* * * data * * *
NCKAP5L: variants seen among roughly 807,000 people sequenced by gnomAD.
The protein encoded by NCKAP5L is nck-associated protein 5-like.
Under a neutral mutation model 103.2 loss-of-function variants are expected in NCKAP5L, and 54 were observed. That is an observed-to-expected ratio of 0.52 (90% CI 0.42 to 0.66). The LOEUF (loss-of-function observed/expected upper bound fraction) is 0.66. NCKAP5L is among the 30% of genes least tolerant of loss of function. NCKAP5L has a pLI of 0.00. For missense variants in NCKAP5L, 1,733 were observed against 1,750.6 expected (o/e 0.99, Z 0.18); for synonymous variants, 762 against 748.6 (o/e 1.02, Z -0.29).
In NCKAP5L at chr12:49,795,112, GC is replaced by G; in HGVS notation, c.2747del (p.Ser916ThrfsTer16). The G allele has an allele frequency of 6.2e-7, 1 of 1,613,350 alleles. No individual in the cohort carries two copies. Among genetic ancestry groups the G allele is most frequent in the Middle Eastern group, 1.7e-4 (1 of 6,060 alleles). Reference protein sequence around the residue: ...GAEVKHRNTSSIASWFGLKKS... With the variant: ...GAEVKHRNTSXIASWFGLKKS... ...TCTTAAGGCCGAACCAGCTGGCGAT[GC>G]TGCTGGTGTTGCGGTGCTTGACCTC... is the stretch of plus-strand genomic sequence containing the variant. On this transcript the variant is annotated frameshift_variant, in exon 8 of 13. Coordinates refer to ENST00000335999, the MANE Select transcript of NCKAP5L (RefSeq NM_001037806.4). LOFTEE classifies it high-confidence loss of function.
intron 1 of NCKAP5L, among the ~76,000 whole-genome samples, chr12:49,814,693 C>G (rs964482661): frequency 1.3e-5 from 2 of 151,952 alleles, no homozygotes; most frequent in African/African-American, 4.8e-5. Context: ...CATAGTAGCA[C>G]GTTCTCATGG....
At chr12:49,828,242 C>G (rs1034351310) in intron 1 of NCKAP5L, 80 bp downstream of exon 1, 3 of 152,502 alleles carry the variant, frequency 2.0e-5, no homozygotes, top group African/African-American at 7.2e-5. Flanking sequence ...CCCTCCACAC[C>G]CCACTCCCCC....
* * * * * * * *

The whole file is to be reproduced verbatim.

NCKAP5L: variants seen among roughly 807,000 people sequenced by gnomAD.
The protein encoded by NCKAP5L is nck-associated protein 5-like.
Under a neutral mutation model 103.2 loss-of-function variants are expected in NCKAP5L, and 54 were observed. That is an observed-to-expected ratio of 0.52 (90% CI 0.42 to 0.66). The LOEUF (loss-of-function observed/expected upper bound fraction) is 0.66. NCKAP5L is among the 30% of genes least tolerant of loss of function. NCKAP5L has a pLI of 0.00. For missense variants in NCKAP5L, 1,733 were observed against 1,750.6 expected (o/e 0.99, Z 0.18); for synonymous variants, 762 against 748.6 (o/e 1.02, Z -0.29).
In NCKAP5L at chr12:49,795,112, GC is replaced by G; in HGVS notation, c.2747del (p.Ser916ThrfsTer16). The G allele has an allele frequency of 6.2e-7, 1 of 1,613,350 alleles. No individual in the cohort carries two copies. Among genetic ancestry groups the G allele is most frequent in the Middle Eastern group, 1.7e-4 (1 of 6,060 alleles). Reference protein sequence around the residue: ...GAEVKHRNTSSIASWFGLKKS... With the variant: ...GAEVKHRNTSXIASWFGLKKS... ...TCTTAAGGCCGAACCAGCTGGCGAT[GC>G]TGCTGGTGTTGCGGTGCTTGACCTC... is the stretch of plus-strand genomic sequence containing the variant. On this transcript the variant is annotated frameshift_variant, in exon 8 of 13. Coordinates refer to ENST00000335999, the MANE Select transcript of NCKAP5L (RefSeq NM_001037806.4). LOFTEE classifies it high-confidence loss of function.
intron 1 of NCKAP5L, among the ~76,000 whole-genome samples, chr12:49,814,693 C>G (rs964482661): frequency 1.3e-5 from 2 of 151,952 alleles, no homozygotes; most frequent in African/African-American, 4.8e-5. Context: ...CATAGTAGCA[C>G]GTTCTCATGG....
At chr12:49,828,242 C>G (rs1034351310) in intron 1 of NCKAP5L, 80 bp downstream of exon 1, 3 of 152,502 alleles carry the variant, frequency 2.0e-5, no homozygotes, top group African/African-American at 7.2e-5. Flanking sequence ...CCCTCCACAC[C>G]CCACTCCCCC....